Monday, October 10, 2011

Menu Planning: How To

If you aren't sold on the reasons why Menu Planning will turn your household into a Domestic Utopia, I encourage you to do a little research. We'll proceed from the point where you want to Menu Plan, but just can't or don't know how.

I am going to share the easiest method of Menu Planning that I have come across.  This is a low cost, low tech solution for those of us who are short on inspiration and time. It's simple and it works. This method works well whether you purchase all of your groceries from a large chain grocery store, supplement with buying at the local farmers or green market, receive deliveries from a CSA or other local food sources, or rely on the harvest from your own garden.

We are going to start off very simply and as you feel ready, you will be able to achieve the end desired result of your menu planning.  The end desired result of menu planning will pertain to your circumstance.  Your menu planning may seek to address some of the following goals:  (1) menus tailored to a chronic condition or disease, (2) reducing food costs by effectively using the resources you have, (3) increasing balance and/or nutrional value of meals, (4) eating more local fresh foods, (5) reducing number of shopping trips, (4 & 5) reducing your carbon footprint, et cetera. The list of reasons why menu planning is beneficial is as varied as we are as humans, yet it is something that every household can derive benefit from.

The only drawback I have found to Menu Planning is that I hate to do it. I find it daunting and no fun at all; I'd rather be doing just about anything else. This is why I've decided to share the only method that has worked for my household over time. If you can figure out a way to make this simpler, PLEASE share it with me.

This Meal Planning strategy consists of 2 tools used together: The Meal Library cards and the Meal Planner Display.

TOOL:  Your Meal Library

In the beginning, our meal planning will revolve around "Dinner". Once we've mastered "Dinner" you can apply the same method to other meals if you wish. Simply repeat the steps for "Lunch" and/or "Breakfast".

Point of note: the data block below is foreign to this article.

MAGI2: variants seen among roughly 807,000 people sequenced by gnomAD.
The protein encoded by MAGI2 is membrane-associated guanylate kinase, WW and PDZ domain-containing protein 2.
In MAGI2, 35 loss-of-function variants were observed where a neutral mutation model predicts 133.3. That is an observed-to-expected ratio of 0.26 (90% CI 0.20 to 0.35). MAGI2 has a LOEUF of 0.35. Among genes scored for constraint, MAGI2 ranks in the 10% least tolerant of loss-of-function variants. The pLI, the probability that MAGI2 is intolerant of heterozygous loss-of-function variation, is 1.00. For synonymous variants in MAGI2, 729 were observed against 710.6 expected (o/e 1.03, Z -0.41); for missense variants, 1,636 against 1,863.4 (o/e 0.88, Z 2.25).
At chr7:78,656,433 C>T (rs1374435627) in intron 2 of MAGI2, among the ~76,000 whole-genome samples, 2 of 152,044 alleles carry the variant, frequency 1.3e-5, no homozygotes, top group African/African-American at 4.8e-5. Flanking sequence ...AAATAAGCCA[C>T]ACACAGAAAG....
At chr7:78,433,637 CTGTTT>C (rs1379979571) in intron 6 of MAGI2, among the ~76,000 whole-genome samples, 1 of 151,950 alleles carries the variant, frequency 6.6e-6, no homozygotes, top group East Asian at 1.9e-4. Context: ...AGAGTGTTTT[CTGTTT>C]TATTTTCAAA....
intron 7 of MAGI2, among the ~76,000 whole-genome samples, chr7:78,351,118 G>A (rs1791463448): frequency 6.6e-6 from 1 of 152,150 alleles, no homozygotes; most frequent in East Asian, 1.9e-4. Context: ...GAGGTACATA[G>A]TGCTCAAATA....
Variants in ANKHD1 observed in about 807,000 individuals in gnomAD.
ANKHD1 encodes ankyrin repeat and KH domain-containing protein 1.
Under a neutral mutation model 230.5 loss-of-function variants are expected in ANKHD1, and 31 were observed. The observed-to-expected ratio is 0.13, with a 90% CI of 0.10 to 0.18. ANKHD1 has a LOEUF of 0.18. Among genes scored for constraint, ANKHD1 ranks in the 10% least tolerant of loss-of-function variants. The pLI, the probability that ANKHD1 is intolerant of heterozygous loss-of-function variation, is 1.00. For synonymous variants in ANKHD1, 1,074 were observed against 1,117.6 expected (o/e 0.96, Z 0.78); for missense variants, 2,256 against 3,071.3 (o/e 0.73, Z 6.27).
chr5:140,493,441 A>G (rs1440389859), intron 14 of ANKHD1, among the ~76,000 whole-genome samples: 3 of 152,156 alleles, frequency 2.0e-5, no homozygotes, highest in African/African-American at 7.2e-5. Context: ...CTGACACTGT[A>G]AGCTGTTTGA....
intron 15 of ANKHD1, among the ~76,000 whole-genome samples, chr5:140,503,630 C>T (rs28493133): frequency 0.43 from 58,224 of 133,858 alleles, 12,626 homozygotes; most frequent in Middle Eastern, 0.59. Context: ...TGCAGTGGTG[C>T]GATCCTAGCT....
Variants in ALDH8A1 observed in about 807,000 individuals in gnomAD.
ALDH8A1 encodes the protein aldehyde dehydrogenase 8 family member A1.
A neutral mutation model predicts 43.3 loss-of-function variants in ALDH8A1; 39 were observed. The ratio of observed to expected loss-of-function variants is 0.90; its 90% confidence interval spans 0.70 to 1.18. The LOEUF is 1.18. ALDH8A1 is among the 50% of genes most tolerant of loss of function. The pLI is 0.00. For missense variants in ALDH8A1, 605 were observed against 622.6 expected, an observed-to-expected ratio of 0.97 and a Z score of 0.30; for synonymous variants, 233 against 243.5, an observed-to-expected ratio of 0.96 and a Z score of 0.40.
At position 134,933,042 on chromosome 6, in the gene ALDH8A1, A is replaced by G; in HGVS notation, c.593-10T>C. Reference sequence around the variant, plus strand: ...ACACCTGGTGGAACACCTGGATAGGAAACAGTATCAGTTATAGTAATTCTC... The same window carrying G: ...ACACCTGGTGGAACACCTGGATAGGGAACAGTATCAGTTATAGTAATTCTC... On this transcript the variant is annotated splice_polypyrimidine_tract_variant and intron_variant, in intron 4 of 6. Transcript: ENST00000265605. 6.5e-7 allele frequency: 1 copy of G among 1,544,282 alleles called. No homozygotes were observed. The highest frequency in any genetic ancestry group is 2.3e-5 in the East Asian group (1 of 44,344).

Gather your materials: index cards, pen and/or pencil
  • Set aside 15 minutes and sit down with a small stack of index cards and something to write with.
    • First, decide how many times a week that it is okay for you to go out to eat and how many times a week that it is okay for you to pick up some take out and bring it home. For my example, I will say once a week for each.  That might be too much for you or not enough. 
      • On 1 card, write "Take Out" and on 1 card, write "Dinner Out". You might even want to have one for "Leftovers". Set these cards aside.
    • Second, think back over the meals that you commonly cook.  We all have a group of meals that are our "go-to" meals. You've probably cooked some of them in the previous week.
      • Take an index card and write the name of this meal on the front of the card. Flip the card over and on the back of the card, write the major ingredients for the meal. I usually do not include pantry items that I always have on hand such as butter, flour, dry seasonings, etc.  If my go-to meal were "Spaghetti with Meatballs", on the back of the card I might write "spaghetti", "1 jar spaghetti sauce", "1/2 lb frozen meatballs", "loaf frozen garlic bread"
      • Repeat this until you have filled 5 index cards with "Go-To" meals. Set these cards aside.
  • At this point you have 7 cards with a menu plan. It may not be a thrilling plan or win you any cooking awards, but you have started and done so realistically. We will expand upon your Meal Library later.

TOOL:  The Menu Planner Display Board
You need to come up with a method of displaying the index cards. You can do this any way you like but you need to satisfy the following requirements.
  • 7 index cards need to be displayed. 
    • You should be able to move them freely.  Why?  If you decide on Tuesday that you are just too tired to cook, you can switch your meal planned for that day with the "Take Out" card and your plan is still intact.
    • You should be able to see the entire week at a glance.
    • You should be able to clearly see the Day of the Week.
    • You should be able to clearly see the name of the meal written on the index card.
    • You should be able to display it in the kitchen.
In this way, you keep what you are supposed to be cooking for dinner in the forefront of your mind.  Your family can see what is expected on a given night. It's kind of nice to have the family pile in the door having spent the day looking forward to their favorite meal tonight. It's also a way to compromise across different tastes among multiple family members. I just hope you don't have to cook for more than 7 everyday!